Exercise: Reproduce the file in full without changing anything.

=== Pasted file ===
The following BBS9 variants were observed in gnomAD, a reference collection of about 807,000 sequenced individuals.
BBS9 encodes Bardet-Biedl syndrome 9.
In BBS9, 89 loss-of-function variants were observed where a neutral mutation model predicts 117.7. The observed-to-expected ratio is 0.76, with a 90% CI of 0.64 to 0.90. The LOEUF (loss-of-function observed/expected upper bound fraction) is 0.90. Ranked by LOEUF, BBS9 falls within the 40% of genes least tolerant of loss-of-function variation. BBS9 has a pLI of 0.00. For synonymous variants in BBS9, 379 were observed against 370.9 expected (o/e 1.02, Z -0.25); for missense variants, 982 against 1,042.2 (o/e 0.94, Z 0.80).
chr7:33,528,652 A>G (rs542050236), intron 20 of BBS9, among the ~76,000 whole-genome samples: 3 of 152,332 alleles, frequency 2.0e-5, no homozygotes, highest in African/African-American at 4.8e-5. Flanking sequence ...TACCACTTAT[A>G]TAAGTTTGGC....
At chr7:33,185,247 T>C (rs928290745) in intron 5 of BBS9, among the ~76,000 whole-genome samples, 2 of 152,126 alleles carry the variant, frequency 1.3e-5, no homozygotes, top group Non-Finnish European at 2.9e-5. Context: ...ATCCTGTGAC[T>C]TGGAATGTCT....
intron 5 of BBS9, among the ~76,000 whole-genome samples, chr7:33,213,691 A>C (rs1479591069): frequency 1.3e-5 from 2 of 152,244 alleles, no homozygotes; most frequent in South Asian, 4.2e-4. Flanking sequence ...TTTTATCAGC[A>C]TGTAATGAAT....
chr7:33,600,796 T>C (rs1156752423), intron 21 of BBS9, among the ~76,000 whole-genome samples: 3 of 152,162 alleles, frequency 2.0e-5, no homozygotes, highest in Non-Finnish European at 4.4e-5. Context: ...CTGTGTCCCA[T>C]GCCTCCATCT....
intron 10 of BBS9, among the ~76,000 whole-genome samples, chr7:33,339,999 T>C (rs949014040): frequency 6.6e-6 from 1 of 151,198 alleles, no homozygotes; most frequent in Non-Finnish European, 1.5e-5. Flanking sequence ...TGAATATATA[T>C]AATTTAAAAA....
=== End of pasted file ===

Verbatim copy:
The following BBS9 variants were observed in gnomAD, a reference collection of about 807,000 sequenced individuals.
BBS9 encodes Bardet-Biedl syndrome 9.
In BBS9, 89 loss-of-function variants were observed where a neutral mutation model predicts 117.7. The observed-to-expected ratio is 0.76, with a 90% CI of 0.64 to 0.90. The LOEUF (loss-of-function observed/expected upper bound fraction) is 0.90. Ranked by LOEUF, BBS9 falls within the 40% of genes least tolerant of loss-of-function variation. BBS9 has a pLI of 0.00. For synonymous variants in BBS9, 379 were observed against 370.9 expected (o/e 1.02, Z -0.25); for missense variants, 982 against 1,042.2 (o/e 0.94, Z 0.80).
chr7:33,528,652 A>G (rs542050236), intron 20 of BBS9, among the ~76,000 whole-genome samples: 3 of 152,332 alleles, frequency 2.0e-5, no homozygotes, highest in African/African-American at 4.8e-5. Flanking sequence ...TACCACTTAT[A>G]TAAGTTTGGC....
At chr7:33,185,247 T>C (rs928290745) in intron 5 of BBS9, among the ~76,000 whole-genome samples, 2 of 152,126 alleles carry the variant, frequency 1.3e-5, no homozygotes, top group Non-Finnish European at 2.9e-5. Context: ...ATCCTGTGAC[T>C]TGGAATGTCT....
intron 5 of BBS9, among the ~76,000 whole-genome samples, chr7:33,213,691 A>C (rs1479591069): frequency 1.3e-5 from 2 of 152,244 alleles, no homozygotes; most frequent in South Asian, 4.2e-4. Flanking sequence ...TTTTATCAGC[A>C]TGTAATGAAT....
chr7:33,600,796 T>C (rs1156752423), intron 21 of BBS9, among the ~76,000 whole-genome samples: 3 of 152,162 alleles, frequency 2.0e-5, no homozygotes, highest in Non-Finnish European at 4.4e-5. Context: ...CTGTGTCCCA[T>C]GCCTCCATCT....
intron 10 of BBS9, among the ~76,000 whole-genome samples, chr7:33,339,999 T>C (rs949014040): frequency 6.6e-6 from 1 of 151,198 alleles, no homozygotes; most frequent in Non-Finnish European, 1.5e-5. Flanking sequence ...TGAATATATA[T>C]AATTTAAAAA....